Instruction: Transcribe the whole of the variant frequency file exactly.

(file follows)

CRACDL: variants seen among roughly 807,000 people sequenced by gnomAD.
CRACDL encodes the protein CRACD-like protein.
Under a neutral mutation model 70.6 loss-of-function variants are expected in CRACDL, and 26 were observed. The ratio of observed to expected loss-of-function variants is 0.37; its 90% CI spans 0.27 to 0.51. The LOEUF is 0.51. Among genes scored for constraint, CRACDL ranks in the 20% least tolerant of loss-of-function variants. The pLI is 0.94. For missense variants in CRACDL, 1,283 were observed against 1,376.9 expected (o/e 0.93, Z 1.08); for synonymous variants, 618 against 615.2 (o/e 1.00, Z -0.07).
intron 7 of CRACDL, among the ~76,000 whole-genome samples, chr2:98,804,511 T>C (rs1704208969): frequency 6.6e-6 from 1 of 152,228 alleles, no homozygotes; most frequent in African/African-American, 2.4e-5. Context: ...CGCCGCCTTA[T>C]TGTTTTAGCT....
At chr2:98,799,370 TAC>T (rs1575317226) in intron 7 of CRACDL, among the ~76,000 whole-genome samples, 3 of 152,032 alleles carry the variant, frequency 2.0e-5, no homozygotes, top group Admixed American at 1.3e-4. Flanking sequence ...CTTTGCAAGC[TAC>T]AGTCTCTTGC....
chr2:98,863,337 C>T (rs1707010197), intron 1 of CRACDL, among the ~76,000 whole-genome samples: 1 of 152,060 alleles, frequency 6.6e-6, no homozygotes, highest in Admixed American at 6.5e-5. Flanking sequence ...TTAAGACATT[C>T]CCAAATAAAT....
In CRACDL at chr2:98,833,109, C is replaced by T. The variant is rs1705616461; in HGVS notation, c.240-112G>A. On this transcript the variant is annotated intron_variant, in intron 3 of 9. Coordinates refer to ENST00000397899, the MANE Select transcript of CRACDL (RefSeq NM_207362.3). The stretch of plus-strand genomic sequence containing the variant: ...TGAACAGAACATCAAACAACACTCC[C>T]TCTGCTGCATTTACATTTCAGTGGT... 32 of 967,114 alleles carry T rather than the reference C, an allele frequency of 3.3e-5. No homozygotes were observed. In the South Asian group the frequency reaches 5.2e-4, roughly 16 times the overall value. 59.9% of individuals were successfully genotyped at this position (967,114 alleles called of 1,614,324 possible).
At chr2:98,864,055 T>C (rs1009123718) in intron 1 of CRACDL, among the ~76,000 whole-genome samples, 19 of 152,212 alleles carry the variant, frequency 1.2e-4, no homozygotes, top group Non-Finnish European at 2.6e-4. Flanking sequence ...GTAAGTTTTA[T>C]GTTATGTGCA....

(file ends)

CRACDL: variants seen among roughly 807,000 people sequenced by gnomAD.
CRACDL encodes the protein CRACD-like protein.
Under a neutral mutation model 70.6 loss-of-function variants are expected in CRACDL, and 26 were observed. The ratio of observed to expected loss-of-function variants is 0.37; its 90% CI spans 0.27 to 0.51. The LOEUF is 0.51. Among genes scored for constraint, CRACDL ranks in the 20% least tolerant of loss-of-function variants. The pLI is 0.94. For missense variants in CRACDL, 1,283 were observed against 1,376.9 expected (o/e 0.93, Z 1.08); for synonymous variants, 618 against 615.2 (o/e 1.00, Z -0.07).
intron 7 of CRACDL, among the ~76,000 whole-genome samples, chr2:98,804,511 T>C (rs1704208969): frequency 6.6e-6 from 1 of 152,228 alleles, no homozygotes; most frequent in African/African-American, 2.4e-5. Context: ...CGCCGCCTTA[T>C]TGTTTTAGCT....
At chr2:98,799,370 TAC>T (rs1575317226) in intron 7 of CRACDL, among the ~76,000 whole-genome samples, 3 of 152,032 alleles carry the variant, frequency 2.0e-5, no homozygotes, top group Admixed American at 1.3e-4. Flanking sequence ...CTTTGCAAGC[TAC>T]AGTCTCTTGC....
chr2:98,863,337 C>T (rs1707010197), intron 1 of CRACDL, among the ~76,000 whole-genome samples: 1 of 152,060 alleles, frequency 6.6e-6, no homozygotes, highest in Admixed American at 6.5e-5. Flanking sequence ...TTAAGACATT[C>T]CCAAATAAAT....
In CRACDL at chr2:98,833,109, C is replaced by T. The variant is rs1705616461; in HGVS notation, c.240-112G>A. On this transcript the variant is annotated intron_variant, in intron 3 of 9. Coordinates refer to ENST00000397899, the MANE Select transcript of CRACDL (RefSeq NM_207362.3). The stretch of plus-strand genomic sequence containing the variant: ...TGAACAGAACATCAAACAACACTCC[C>T]TCTGCTGCATTTACATTTCAGTGGT... 32 of 967,114 alleles carry T rather than the reference C, an allele frequency of 3.3e-5. No homozygotes were observed. In the South Asian group the frequency reaches 5.2e-4, roughly 16 times the overall value. 59.9% of individuals were successfully genotyped at this position (967,114 alleles called of 1,614,324 possible).
At chr2:98,864,055 T>C (rs1009123718) in intron 1 of CRACDL, among the ~76,000 whole-genome samples, 19 of 152,212 alleles carry the variant, frequency 1.2e-4, no homozygotes, top group Non-Finnish European at 2.6e-4. Flanking sequence ...GTAAGTTTTA[T>C]GTTATGTGCA....